Basketball UniformUntil the 1930s, most basketball jerseys fastened underneath the crotch to keep them from becoming untucked.

From trousers to satin briefs, turtlenecks to track suits, the basketball uniform has changed more than that of any other professional sport. To kick off yet another March of madness, Kempt takes a look back at some of the most memorable on-court style moments in basketball’s 120-year history.

1891-1920: Trousers and a Peach Basket
The goal is simple: land a ball in an upside-down peach basket. As such, the first 25 years of the game turned sport are played in baggy trousers and wool undershirts—essentially whatever the players are already wearing. As basketball gains popularity amongst college students and trade unions in the early 1900s, efforts are made to coordinate attire to avoid inadvertently passing the ball to the opposing team.

 
Wichita YMCA Basketball Team, 1895

Yale University wins first intercollegiate game against Wesleyan University, 1896

Mercantile Basketball League, 1911

1920-1940: Shorts and Kneepads
Trousers and long wool shirts mercifully give way to mid-length shorts and jerseys made from more breathable, stretchable wool, fastened underneath the crotch to avoid becoming untucked. Women and schoolchildren, the more delicate lot, are required to wear kneepads during games. Converse releases a rubber-soled canvas high-top in 1917 named for Charles “Chuck” Taylor, who traveled around the country playing for the Converse All-Stars, teaching kids how to play basketball—and selling shoes.

Chuck Taylor, Converse All-Stars, 1921

Hamilton Fish (R-NY) and the House page basketball team, 1927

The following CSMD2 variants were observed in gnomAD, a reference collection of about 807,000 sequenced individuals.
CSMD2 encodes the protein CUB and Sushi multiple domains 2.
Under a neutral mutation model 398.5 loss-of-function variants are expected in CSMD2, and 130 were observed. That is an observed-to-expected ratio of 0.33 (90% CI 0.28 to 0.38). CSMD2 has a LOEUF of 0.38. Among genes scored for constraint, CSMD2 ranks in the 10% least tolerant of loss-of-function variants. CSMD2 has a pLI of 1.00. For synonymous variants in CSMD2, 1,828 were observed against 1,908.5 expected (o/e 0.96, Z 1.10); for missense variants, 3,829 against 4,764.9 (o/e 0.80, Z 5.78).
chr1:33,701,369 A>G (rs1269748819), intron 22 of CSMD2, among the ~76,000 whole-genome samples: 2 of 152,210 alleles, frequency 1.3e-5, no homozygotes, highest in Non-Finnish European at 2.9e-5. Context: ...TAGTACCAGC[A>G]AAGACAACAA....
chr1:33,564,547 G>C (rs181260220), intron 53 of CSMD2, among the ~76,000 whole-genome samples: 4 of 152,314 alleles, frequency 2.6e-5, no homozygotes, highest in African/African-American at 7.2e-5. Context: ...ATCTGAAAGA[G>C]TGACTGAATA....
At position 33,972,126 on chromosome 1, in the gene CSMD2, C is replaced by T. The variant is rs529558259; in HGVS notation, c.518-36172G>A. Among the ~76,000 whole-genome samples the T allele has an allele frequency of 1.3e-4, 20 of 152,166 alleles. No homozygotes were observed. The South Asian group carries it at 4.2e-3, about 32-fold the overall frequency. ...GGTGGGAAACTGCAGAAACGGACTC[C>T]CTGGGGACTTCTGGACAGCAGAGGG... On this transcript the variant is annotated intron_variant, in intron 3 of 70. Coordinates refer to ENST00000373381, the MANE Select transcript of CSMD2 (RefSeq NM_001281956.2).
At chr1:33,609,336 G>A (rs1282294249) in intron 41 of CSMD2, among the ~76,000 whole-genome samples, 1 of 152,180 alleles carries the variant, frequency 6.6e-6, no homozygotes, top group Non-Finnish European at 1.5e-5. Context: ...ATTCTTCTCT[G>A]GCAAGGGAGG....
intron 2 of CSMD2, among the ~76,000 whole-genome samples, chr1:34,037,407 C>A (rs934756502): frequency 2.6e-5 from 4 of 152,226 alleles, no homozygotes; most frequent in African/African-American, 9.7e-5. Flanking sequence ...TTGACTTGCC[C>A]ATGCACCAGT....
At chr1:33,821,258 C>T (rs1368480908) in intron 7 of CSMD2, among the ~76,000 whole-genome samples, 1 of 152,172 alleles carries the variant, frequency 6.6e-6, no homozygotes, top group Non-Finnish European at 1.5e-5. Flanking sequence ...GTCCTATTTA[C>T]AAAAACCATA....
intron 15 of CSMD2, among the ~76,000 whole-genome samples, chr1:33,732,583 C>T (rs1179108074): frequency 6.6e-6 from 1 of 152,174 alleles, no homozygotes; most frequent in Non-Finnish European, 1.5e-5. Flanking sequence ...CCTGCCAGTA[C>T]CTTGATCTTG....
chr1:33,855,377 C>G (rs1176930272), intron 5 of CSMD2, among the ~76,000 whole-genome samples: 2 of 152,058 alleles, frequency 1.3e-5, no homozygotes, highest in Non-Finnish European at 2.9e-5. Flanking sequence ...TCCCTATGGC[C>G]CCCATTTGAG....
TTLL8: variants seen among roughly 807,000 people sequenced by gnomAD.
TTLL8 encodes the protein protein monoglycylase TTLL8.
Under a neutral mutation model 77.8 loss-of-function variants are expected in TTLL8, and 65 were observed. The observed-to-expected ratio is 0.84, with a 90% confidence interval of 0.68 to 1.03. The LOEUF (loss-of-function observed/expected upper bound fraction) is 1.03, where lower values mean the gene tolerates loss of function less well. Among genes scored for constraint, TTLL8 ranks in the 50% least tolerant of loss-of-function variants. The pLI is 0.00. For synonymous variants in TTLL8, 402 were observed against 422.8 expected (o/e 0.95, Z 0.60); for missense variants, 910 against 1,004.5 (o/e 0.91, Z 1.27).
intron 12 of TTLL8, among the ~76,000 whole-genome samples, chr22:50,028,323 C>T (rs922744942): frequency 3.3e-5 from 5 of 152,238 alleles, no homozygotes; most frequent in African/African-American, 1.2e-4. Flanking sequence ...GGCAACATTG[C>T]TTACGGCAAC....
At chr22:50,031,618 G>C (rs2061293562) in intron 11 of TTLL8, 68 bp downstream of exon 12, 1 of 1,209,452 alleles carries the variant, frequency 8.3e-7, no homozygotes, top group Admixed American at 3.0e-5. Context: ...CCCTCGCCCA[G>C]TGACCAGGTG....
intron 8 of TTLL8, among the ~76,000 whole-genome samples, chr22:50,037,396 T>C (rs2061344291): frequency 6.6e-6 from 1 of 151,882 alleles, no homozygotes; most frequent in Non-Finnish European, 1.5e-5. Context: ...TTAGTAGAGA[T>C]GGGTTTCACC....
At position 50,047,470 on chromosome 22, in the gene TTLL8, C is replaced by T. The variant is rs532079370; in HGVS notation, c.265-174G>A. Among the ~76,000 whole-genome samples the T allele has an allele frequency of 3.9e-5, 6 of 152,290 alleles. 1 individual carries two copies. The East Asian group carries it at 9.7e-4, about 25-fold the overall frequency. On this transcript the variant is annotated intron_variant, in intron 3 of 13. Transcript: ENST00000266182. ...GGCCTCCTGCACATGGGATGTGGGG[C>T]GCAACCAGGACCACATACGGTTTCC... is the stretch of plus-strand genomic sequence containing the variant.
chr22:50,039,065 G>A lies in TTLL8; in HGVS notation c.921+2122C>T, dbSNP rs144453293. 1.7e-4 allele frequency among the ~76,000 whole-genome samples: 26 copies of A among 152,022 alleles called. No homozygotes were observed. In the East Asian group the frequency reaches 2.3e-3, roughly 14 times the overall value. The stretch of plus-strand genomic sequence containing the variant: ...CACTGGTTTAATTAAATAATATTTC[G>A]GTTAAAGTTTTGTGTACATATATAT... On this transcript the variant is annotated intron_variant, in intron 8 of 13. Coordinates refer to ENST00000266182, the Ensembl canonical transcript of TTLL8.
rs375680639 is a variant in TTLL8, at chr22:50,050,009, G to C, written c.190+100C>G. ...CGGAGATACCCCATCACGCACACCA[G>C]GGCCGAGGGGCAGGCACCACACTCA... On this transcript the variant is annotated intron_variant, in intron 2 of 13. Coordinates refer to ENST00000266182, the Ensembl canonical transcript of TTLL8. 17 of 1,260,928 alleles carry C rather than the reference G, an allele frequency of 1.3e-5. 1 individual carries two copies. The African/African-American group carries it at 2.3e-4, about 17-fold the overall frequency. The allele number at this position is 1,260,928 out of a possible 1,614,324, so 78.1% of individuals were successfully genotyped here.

Brookhaven (MI) High School Basketball Team, 1934

1940-1960: Synthetics
Wool has become unmanageable on the basketball court—too hot and too difficult to launder. The advent of polyester/nylon marks a whole new era, and mid-length shorts give way to shiny satin briefs and form-fitting, track-style jerseys.

Introduction of short shorts, 1941

Los Angeles Lakers, 1950

1960-1988: The Snug Look
Following the national trends of the late ’60s and ’70s, basketball uniforms get tighter, tube socks get longer (and stripe-ier), and headbands do their best to keep long hair at bay. In 1982, the MacGregor Sand-Knit becomes the NBA’s exclusive outfitter and offers a more breathable cotton/polyester blend that controls moisture better. NBA jerseys become more colorful (and lucrative).

Wilt Chamberlain and Bill Russell, 1965

New York Knicks, 1970

NBA Championships, 1979

Danny Ainge, Magic Johnson and Larry Bird, 1985

1988-2012: Michael Jordan and a Farewell to Knees
In 1987, Michael Jordan personally asks the president of Champion (then NBA uniform manufacturer) to make his shorts longer so he could have something to hang on to when he bent over, out of breath. The next season, he gets his wish, and the image of basketball is changed forever.

Michael Jordan, 1987; Michael Jordan and Charles Barkley, 1993

University of Michigan’s “Fab Five,” 1992

Kobe Bryant and Shaquille O’Neal, 2002

Jameer Nelson and Jamaal Tinsley were fined by the NBA for excessive length of shorts in 2005

—C.B.S.

CONTRIBUTORS

  • C. Brian Smith